As part of the professional growth through work, I have been researching cognitive load theory as a result of student surveys. As in, based on the surveys I felt that I could improve my teaching practice through applying some of these methods. So, research I did and then based on the research developed some behaviors and routines to improve in classroom work. Below is the blog post I made to the school:
After reviewing cognitive load theory, reading a few articles, and a bit of thinking about my classroom practices, I’ve developed the following list of behaviors to work towards when conducting lessons. I am considering developing measurement tools for these routines. However, intuition says do not proscribe it too much. So, I am going to try it less formally and see how it goes.
I chose to write about null curriculum because the name intrigues me and, honestly, I had never heard this term before. In short, the null curriculum that which is left out of the taught curriculum. It is a moving target in that in one school what is null, is explicit in another. Thus, making it not null curriculum. There are several examples the article I read pointed out. In a school that focuses on strictly defined content, like detailed lists of events in East Asian history, the nature of how to define reasons and connections between those events could be left out, or null. Conversely, in a school that focuses on the design cycle, the specifics of furniture design history may be left out, null.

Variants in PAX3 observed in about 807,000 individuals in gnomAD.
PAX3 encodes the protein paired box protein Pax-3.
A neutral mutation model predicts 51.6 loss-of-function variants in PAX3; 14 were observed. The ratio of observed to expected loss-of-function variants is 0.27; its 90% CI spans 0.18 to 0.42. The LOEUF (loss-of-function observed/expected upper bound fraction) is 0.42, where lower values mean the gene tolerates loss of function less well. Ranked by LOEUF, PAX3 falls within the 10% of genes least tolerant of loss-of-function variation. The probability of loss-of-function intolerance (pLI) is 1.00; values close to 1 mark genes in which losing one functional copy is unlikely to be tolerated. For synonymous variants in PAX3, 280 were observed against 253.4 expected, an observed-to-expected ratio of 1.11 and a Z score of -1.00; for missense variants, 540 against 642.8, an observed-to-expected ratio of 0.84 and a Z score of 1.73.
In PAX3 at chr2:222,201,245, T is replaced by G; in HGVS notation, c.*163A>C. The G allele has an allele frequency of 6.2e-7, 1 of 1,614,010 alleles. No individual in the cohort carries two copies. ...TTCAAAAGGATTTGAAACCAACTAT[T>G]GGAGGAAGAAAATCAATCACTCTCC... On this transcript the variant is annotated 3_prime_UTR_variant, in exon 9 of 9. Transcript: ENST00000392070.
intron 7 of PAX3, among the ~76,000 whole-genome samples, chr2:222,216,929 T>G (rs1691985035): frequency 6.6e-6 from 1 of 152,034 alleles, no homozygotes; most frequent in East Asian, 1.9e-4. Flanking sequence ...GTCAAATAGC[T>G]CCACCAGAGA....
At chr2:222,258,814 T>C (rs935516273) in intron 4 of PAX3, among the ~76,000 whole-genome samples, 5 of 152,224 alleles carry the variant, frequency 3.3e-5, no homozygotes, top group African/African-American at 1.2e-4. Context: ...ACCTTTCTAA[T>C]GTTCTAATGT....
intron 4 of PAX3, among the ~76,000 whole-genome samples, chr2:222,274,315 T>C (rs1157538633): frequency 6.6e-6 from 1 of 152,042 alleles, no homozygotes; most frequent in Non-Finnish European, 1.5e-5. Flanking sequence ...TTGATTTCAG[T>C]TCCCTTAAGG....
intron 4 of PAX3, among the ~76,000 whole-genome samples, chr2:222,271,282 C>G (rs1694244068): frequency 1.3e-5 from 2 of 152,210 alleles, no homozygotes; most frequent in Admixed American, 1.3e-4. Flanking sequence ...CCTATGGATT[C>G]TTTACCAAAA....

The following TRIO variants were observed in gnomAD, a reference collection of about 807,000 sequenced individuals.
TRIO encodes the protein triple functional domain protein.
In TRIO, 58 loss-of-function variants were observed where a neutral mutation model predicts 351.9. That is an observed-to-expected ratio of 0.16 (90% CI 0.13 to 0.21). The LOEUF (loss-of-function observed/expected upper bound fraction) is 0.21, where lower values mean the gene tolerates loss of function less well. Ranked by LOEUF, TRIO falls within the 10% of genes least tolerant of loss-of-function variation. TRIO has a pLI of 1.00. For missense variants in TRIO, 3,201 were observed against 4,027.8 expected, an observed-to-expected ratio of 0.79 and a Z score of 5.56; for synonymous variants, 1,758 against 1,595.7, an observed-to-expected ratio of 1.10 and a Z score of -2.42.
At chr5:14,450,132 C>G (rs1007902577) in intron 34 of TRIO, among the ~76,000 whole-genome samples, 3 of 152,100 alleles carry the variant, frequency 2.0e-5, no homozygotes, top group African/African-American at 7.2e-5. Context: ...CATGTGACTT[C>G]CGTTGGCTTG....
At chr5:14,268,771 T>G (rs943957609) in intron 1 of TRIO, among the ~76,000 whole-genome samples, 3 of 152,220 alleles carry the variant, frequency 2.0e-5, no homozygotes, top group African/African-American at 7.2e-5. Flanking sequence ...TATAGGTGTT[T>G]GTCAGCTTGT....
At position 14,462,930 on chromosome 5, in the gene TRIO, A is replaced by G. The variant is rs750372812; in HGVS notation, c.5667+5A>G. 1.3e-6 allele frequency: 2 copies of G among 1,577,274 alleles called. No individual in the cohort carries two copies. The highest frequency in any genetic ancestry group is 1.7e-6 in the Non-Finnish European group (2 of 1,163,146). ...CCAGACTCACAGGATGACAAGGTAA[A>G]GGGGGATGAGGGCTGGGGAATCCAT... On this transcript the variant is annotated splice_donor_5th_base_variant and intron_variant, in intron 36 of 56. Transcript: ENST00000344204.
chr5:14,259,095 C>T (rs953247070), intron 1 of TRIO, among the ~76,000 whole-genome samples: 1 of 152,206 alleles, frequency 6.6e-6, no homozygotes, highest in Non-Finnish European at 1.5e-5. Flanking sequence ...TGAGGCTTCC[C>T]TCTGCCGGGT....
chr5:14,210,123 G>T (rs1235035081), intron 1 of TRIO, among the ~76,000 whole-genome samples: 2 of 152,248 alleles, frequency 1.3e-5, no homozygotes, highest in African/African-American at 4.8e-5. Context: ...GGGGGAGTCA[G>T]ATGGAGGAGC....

I, personally, have noticed the increasing awareness of social and emotional learning in schools over the last five years. We can agree that part of the value of going to school is learning to socialise, but until recently there has not been a lot of specific socialisation strategies taught. Other recent additions would be explicit teaching of deductive and inductive reasoning.
Null curriculum appears to me more of a tool, or at least a fulcrum which we place our tool against. “And finally, the null curriculum may be useful in bringing into sharp focus our knowledge of implementation possibilities.” This comes from the article I read, cited and linked below. If we examine and define the null curriculum, it gives us better insight into why we are making specific choices in what and how we teach and may illuminate areas of education we value or are deficient.
Flinders, David J., Noddings, Nel, Thorton, Steven J. The Null Curriculum; Its Theoretical Basis and Practical Implications. Curriculum Inquiry, Volume 16 No. 1. Blackwell Publishing 1986.